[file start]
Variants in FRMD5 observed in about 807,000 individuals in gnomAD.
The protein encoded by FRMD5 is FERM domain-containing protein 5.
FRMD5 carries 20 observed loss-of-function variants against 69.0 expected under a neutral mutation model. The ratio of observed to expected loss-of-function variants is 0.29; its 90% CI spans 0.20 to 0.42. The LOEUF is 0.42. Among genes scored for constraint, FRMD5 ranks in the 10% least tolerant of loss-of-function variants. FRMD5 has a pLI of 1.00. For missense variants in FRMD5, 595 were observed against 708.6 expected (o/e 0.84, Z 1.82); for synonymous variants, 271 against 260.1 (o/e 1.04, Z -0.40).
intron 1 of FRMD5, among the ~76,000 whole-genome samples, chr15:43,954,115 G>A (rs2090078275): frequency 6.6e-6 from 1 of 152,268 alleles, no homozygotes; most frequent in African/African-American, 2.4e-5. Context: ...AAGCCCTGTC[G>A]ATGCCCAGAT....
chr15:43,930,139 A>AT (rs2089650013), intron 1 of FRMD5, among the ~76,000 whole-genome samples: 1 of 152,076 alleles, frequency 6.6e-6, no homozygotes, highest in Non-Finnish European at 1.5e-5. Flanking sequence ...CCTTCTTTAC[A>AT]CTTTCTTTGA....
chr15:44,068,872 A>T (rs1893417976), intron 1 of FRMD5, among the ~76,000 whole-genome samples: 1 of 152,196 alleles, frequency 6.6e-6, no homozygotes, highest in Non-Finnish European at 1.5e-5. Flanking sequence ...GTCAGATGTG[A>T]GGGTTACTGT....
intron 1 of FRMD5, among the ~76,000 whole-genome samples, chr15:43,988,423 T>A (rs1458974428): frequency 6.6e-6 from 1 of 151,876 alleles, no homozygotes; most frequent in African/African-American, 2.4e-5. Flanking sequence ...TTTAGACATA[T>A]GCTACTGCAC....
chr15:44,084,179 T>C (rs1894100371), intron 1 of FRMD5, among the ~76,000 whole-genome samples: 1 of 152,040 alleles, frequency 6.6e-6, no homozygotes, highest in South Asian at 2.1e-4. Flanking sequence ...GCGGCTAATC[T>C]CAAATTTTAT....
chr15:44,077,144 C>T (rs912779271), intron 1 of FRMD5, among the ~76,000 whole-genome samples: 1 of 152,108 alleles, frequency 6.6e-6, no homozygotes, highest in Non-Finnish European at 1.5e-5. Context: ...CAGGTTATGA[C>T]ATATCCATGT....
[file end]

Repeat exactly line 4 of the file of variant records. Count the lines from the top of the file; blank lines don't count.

intron 1 of FRMD5, among the ~76,000 whole-genome samples, chr15:43,954,115 G>A (rs2090078275): frequency 6.6e-6 from 1 of 152,268 alleles, no homozygotes; most frequent in African/African-American, 2.4e-5. Context: ...AAGCCCTGTC[G>A]ATGCCCAGAT....